Thursday, December 10, 2009

Cars in US use a lot more fuel than the same models in Europe

My daughter in Europe just leased a Toyota Auris.  This car appears to be almost identical to the Toyota Matrix sold in the US.  However, the Matrix, with a standard 1.8 liter engine and five speed manual transmission, gets mileage of 26-32.  The Auris has a 1.3 liter motor with a 6 speed manual, and gets 33-48 mpg.  The Auris also comes in diesel, which gets 45-62 if I have the conversions right.  Well the diesel can't pass our smog regulations, but the 1.3 liter/six speed combo ought to be saleable in the US.  It looks like the manufacturers still think we are so addicted to power that we would not buy an engine that gets 50% better highway mileage.   They may be right.  Gasoline pices in the United States  now are about a third of what Europeans pay.  For most of us, it isn't painful enough yet to fill up.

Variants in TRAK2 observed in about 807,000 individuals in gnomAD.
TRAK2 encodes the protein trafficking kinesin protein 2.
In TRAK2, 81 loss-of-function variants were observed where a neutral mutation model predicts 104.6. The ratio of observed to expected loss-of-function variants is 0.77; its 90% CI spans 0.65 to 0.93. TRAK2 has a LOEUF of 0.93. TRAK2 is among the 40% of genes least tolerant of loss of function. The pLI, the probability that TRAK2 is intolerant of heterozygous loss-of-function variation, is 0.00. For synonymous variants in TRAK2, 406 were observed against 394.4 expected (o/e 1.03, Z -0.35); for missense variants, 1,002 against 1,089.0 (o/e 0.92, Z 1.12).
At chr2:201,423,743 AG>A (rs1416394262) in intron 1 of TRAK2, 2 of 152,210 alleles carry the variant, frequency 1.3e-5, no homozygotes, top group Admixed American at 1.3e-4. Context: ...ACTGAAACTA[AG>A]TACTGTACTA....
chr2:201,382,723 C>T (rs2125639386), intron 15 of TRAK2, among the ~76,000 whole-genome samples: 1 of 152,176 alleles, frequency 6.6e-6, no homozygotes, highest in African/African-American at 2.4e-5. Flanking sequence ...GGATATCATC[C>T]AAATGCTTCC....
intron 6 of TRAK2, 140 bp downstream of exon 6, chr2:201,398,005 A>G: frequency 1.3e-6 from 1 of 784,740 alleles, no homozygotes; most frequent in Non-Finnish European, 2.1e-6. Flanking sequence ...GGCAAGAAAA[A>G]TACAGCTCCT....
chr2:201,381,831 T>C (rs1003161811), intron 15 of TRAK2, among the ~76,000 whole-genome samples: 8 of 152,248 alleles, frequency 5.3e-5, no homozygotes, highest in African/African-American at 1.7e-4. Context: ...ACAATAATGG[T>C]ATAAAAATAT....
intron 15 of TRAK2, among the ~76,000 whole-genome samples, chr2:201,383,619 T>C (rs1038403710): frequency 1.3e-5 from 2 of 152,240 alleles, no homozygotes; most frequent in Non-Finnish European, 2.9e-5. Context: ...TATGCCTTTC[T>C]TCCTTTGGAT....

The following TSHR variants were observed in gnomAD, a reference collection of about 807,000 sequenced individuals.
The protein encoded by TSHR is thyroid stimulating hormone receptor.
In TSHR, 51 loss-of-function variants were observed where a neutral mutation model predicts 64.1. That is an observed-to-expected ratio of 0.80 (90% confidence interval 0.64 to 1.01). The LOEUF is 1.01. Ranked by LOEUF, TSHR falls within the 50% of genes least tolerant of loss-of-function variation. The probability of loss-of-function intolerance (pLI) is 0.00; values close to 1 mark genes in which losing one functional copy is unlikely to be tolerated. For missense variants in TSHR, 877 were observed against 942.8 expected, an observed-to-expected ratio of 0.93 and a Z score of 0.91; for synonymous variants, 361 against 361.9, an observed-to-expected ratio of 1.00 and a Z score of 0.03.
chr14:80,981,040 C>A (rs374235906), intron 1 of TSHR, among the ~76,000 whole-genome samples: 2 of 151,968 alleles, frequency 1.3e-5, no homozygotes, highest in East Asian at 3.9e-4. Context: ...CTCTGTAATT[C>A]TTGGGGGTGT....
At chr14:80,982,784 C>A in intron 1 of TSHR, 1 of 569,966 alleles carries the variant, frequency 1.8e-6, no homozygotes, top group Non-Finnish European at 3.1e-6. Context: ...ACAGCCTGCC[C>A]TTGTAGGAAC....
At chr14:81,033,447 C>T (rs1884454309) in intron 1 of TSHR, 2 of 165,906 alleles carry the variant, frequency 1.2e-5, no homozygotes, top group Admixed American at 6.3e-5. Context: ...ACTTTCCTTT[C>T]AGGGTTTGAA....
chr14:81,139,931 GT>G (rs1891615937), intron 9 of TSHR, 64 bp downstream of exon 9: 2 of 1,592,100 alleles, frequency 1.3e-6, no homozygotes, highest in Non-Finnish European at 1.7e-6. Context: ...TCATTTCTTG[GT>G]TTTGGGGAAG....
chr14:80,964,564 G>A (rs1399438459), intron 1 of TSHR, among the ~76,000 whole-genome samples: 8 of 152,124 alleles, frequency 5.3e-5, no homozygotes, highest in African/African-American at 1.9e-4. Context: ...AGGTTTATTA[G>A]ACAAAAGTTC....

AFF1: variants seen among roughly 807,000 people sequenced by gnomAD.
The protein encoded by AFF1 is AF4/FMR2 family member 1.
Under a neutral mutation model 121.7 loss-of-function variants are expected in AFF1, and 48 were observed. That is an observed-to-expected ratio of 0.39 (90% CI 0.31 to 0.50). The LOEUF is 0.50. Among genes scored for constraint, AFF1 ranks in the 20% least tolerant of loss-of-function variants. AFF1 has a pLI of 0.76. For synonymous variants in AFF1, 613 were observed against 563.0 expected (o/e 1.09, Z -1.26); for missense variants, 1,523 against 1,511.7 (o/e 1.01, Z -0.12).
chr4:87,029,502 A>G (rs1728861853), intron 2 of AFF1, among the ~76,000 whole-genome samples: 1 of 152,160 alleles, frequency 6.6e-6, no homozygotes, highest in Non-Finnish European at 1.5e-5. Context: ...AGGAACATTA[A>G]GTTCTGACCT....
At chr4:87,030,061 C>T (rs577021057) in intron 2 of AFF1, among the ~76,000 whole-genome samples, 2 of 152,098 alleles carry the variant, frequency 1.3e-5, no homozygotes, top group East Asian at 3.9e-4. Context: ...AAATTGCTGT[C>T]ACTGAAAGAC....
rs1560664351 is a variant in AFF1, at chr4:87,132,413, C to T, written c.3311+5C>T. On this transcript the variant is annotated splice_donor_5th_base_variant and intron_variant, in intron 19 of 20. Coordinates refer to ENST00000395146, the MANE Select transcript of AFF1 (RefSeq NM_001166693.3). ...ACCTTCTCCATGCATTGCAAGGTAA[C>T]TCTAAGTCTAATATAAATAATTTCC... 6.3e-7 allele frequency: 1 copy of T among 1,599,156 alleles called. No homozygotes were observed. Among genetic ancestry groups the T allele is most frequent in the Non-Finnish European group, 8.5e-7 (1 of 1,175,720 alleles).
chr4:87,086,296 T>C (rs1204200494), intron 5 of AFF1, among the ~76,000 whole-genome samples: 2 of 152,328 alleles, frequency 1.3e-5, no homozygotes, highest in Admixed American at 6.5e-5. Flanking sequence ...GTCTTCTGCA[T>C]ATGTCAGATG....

The Toyota Yaris has an identical nameplate in Europe and the US, but the smallest engine in the US is a 1.5 liter that gets 29 city, 36 highway.  The European version comes with a three cylinder, one liter engine that gets 40 city, 54 highway. 

Of course, Toyota also makes two smaller models, the Aygo and the iQ, which get even better mileage but couldn't meet US safety standards.  Crash test standards are probably a sacred cow, but we really need to give buyers some flexibility to buy a fuel efficient car at a reasonable price.

1 comment:

  1. One possible reason for not offering a smaller engine size in models such as the Matrix and Yaris is the large size of so many overweight Americans.

    I live in Texas and drive a 2009 Yaris with a 1.5L engine.

    When driving while I am alone, my car has way more acceleration than I can use. When I give my plus size girlfriend, her mom and an overweight friend a ride, my performance is sluggish at best.